For the past 150 years, feedlot monitoring has been the responsibility of a select few employees, who visually gauge the amount of feed in concrete troughs, called bunks. However, this visual inspection by humans is inherently imprecise, subjective, and inconsistent, varying from person to person and from day to day, depending on their focus, alertness, and other factors. When faulty estimates cause animals to eat too much or too little one day, they will get off their optimal growth curve or even become ill and take days to recover.
Automation can greatly improve the accuracy and consistency of these volume estimates, as well as free up employees for other duties. However, until recently, no one had been able to build an effective and reliable feed automation system.
Feedlots are carefully engineered. As the animals arrive, they are sorted by breed, mass, age, etc., and put into hundreds of pens. Their diets are prescribed, fed, and monitored for up to 300 days, depending on the beef’s market grade. Once each animal is deemed to be of the required quality, it is sent to an abattoir for processing, then to a customer.
The livestock have a feed allocation once per day, based on their intake behavior. To monitor it, a feedlot employee drives up and down a road, along hundreds of pens, looks out the window at the bunks, and visually estimates the amount of feed remaining. If the animals are leaving feed in the bunks, the amount distributed is trimmed back; conversely, if they are cleaning it up, the amount is increased.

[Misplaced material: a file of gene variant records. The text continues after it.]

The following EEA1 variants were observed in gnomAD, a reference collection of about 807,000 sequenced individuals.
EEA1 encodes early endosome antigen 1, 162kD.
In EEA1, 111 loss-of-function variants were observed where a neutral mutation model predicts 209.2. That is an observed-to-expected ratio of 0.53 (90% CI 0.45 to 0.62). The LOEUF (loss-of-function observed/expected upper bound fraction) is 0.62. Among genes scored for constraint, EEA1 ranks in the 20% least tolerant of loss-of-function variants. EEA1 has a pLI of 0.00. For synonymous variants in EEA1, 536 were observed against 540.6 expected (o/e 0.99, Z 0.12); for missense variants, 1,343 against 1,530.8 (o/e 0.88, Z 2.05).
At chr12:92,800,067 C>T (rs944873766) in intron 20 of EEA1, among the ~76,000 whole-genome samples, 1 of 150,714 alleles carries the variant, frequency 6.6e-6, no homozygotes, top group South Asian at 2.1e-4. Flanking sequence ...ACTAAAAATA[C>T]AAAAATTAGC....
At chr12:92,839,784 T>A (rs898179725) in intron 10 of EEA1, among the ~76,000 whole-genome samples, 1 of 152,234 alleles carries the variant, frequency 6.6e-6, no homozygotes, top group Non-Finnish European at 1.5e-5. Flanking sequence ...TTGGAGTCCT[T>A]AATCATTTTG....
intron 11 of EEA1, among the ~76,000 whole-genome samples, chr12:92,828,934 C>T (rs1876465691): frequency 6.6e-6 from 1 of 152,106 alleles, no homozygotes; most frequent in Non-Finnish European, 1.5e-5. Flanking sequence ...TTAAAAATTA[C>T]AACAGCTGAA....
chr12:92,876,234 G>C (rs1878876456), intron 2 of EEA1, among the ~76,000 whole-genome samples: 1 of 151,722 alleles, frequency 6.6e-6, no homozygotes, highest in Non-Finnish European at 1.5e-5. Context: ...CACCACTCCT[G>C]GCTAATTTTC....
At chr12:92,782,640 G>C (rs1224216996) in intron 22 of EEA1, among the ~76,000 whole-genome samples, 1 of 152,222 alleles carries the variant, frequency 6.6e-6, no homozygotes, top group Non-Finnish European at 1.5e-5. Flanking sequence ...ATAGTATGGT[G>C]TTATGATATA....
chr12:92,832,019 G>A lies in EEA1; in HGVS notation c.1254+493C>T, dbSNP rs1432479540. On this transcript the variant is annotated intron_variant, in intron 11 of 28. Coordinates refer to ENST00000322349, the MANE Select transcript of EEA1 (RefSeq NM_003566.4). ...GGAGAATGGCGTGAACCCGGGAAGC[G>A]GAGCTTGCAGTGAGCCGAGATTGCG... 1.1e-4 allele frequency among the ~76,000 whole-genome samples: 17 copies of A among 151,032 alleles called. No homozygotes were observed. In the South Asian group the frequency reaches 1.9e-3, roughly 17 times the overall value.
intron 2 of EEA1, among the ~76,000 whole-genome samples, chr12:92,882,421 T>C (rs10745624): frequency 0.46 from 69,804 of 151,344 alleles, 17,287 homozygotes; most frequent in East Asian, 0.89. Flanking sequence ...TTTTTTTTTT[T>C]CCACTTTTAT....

These measurements need to be taken, normally, at least four times a day, to make sure that every pen of livestock is being fed and that none of them have run out. This is especially important overnight, when many sites are not staffed 24/7, because the peak times of consumption are dusk and dawn.
Manabotix Pty. Ltd., a company founded in the fall of 2016 by its managing director Dr. Stuart McCarthy, a mechatronics engineer, has been helping the Australian agricultural sector by providing bespoke, novel technology to help solve site productivity problems. The company has focused mostly on cattle in feedlots, using lidar scanning and other vision or perception technologies, as well as satellite-based positioning and artificial intelligence.